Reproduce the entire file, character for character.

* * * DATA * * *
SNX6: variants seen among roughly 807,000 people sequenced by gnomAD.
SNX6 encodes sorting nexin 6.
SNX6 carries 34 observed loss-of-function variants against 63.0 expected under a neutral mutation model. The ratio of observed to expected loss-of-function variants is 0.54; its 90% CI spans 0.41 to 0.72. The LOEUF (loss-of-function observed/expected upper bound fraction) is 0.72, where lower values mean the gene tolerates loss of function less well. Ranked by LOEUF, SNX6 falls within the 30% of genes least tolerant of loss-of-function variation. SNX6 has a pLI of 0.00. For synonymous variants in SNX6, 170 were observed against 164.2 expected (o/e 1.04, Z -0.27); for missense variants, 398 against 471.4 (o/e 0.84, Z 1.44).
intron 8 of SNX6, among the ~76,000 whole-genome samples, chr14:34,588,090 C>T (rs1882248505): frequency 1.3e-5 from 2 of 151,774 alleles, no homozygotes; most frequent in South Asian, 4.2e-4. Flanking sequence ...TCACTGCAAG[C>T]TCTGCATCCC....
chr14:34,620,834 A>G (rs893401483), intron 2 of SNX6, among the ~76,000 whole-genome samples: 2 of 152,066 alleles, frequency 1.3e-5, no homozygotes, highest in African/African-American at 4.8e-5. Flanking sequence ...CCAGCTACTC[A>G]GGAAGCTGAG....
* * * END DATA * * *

SNX6: variants seen among roughly 807,000 people sequenced by gnomAD.
SNX6 encodes sorting nexin 6.
SNX6 carries 34 observed loss-of-function variants against 63.0 expected under a neutral mutation model. The ratio of observed to expected loss-of-function variants is 0.54; its 90% CI spans 0.41 to 0.72. The LOEUF (loss-of-function observed/expected upper bound fraction) is 0.72, where lower values mean the gene tolerates loss of function less well. Ranked by LOEUF, SNX6 falls within the 30% of genes least tolerant of loss-of-function variation. SNX6 has a pLI of 0.00. For synonymous variants in SNX6, 170 were observed against 164.2 expected (o/e 1.04, Z -0.27); for missense variants, 398 against 471.4 (o/e 0.84, Z 1.44).
intron 8 of SNX6, among the ~76,000 whole-genome samples, chr14:34,588,090 C>T (rs1882248505): frequency 1.3e-5 from 2 of 151,774 alleles, no homozygotes; most frequent in South Asian, 4.2e-4. Flanking sequence ...TCACTGCAAG[C>T]TCTGCATCCC....
chr14:34,620,834 A>G (rs893401483), intron 2 of SNX6, among the ~76,000 whole-genome samples: 2 of 152,066 alleles, frequency 1.3e-5, no homozygotes, highest in African/African-American at 4.8e-5. Flanking sequence ...CCAGCTACTC[A>G]GGAAGCTGAG....